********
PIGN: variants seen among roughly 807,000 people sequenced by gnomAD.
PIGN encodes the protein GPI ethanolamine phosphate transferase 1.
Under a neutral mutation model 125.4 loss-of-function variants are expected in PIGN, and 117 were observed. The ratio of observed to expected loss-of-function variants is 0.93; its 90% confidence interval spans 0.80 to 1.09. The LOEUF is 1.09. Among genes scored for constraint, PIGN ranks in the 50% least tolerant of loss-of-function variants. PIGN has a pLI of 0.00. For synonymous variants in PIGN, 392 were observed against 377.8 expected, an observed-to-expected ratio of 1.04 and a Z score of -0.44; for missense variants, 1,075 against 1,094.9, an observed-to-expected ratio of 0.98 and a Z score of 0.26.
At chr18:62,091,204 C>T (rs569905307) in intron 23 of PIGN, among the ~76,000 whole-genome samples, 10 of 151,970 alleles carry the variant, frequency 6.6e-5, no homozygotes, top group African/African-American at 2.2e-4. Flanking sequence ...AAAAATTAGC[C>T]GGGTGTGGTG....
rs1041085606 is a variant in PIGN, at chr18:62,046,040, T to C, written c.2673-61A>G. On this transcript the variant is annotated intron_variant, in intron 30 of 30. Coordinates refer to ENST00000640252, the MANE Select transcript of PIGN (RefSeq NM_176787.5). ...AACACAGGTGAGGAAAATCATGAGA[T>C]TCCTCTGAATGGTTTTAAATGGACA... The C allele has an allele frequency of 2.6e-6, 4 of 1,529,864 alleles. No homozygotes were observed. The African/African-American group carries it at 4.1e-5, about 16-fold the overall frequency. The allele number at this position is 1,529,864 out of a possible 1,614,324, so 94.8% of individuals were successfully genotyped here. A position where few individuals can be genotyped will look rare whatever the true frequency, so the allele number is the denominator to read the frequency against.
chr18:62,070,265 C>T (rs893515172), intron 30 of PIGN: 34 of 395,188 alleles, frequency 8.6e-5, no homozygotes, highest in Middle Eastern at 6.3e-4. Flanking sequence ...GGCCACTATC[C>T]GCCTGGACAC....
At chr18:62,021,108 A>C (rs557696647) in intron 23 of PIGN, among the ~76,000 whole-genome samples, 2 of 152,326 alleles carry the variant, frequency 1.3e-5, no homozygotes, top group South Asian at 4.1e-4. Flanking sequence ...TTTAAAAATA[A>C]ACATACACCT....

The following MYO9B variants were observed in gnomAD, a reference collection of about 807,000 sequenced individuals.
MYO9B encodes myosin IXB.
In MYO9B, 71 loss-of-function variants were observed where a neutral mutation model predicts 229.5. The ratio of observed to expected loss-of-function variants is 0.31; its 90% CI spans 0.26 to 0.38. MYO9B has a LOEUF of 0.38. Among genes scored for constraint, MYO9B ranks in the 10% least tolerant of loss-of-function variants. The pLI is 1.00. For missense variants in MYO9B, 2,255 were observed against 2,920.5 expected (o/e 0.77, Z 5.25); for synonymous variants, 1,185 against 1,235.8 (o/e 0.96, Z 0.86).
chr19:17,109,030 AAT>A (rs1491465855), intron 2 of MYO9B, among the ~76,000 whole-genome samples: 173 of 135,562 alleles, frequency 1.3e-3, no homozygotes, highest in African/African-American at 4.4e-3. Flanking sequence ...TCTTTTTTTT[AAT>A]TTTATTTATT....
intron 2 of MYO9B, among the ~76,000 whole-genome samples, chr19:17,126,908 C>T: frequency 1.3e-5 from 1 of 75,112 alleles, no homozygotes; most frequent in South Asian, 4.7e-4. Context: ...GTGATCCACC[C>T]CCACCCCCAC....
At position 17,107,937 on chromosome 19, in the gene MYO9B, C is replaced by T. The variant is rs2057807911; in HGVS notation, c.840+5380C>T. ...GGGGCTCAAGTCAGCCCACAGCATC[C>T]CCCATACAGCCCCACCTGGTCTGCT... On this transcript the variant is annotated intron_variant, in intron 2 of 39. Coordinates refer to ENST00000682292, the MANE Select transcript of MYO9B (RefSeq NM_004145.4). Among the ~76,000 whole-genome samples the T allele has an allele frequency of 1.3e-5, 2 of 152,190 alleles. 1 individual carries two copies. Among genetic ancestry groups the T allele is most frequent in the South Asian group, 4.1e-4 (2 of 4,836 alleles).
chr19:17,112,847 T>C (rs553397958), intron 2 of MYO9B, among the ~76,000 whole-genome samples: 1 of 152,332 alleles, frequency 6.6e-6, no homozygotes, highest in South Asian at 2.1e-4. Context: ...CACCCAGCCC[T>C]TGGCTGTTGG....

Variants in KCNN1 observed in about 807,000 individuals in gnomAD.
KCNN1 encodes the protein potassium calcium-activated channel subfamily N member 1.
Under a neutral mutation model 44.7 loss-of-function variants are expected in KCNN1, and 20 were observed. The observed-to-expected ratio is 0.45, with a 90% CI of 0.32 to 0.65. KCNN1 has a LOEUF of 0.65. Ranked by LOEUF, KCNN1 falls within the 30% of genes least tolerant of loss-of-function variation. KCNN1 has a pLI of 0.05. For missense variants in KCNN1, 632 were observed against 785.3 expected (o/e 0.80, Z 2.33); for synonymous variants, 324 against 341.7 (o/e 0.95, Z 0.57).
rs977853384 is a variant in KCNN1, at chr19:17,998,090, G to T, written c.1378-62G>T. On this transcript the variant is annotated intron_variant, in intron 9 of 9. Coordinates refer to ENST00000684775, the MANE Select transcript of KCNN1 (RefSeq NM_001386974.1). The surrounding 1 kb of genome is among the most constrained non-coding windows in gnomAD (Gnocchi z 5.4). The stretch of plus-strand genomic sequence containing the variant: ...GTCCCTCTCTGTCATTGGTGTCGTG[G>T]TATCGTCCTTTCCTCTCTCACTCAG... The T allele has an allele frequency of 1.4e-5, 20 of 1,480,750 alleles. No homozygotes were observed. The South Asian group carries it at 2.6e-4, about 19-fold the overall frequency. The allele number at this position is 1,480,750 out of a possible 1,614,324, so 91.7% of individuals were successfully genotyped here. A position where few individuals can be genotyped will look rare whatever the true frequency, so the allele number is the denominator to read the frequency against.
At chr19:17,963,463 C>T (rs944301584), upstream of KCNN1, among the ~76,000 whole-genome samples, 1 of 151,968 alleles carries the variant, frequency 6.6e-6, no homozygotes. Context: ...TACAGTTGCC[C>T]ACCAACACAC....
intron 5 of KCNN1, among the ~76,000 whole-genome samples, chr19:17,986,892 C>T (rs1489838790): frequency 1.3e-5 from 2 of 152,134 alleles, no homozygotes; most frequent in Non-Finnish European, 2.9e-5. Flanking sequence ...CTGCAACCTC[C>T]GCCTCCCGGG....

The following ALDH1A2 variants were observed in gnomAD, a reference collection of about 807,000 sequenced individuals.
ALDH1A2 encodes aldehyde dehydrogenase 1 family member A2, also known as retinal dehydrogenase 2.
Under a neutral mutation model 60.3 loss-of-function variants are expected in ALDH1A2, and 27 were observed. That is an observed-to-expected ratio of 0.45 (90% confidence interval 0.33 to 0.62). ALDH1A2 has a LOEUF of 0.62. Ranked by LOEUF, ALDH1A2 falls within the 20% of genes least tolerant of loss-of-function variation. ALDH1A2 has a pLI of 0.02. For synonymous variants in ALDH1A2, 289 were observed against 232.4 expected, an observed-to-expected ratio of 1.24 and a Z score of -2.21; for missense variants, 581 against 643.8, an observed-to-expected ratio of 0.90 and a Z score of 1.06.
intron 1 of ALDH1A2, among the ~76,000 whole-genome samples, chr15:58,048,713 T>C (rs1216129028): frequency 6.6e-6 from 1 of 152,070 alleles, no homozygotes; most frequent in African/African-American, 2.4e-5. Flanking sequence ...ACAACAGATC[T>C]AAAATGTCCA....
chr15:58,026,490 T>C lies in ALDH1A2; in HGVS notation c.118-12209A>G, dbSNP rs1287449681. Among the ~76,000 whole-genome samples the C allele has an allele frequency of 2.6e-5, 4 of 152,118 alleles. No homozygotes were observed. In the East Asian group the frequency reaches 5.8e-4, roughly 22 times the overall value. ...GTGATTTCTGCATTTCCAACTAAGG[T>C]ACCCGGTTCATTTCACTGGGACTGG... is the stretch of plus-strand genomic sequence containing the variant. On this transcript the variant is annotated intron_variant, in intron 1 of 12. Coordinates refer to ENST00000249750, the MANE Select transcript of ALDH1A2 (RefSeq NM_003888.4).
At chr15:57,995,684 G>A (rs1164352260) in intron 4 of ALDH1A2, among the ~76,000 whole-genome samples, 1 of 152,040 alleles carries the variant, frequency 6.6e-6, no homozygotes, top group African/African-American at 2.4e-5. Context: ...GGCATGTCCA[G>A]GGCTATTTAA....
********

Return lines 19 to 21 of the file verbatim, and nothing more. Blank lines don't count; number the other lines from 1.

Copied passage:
At chr19:17,963,463 C>T (rs944301584), upstream of KCNN1, among the ~76,000 whole-genome samples, 1 of 151,968 alleles carries the variant, frequency 6.6e-6, no homozygotes. Context: ...TACAGTTGCC[C>T]ACCAACACAC....
intron 5 of KCNN1, among the ~76,000 whole-genome samples, chr19:17,986,892 C>T (rs1489838790): frequency 1.3e-5 from 2 of 152,134 alleles, no homozygotes; most frequent in Non-Finnish European, 2.9e-5. Flanking sequence ...CTGCAACCTC[C>T]GCCTCCCGGG....

The following ALDH1A2 variants were observed in gnomAD, a reference collection of about 807,000 sequenced individuals.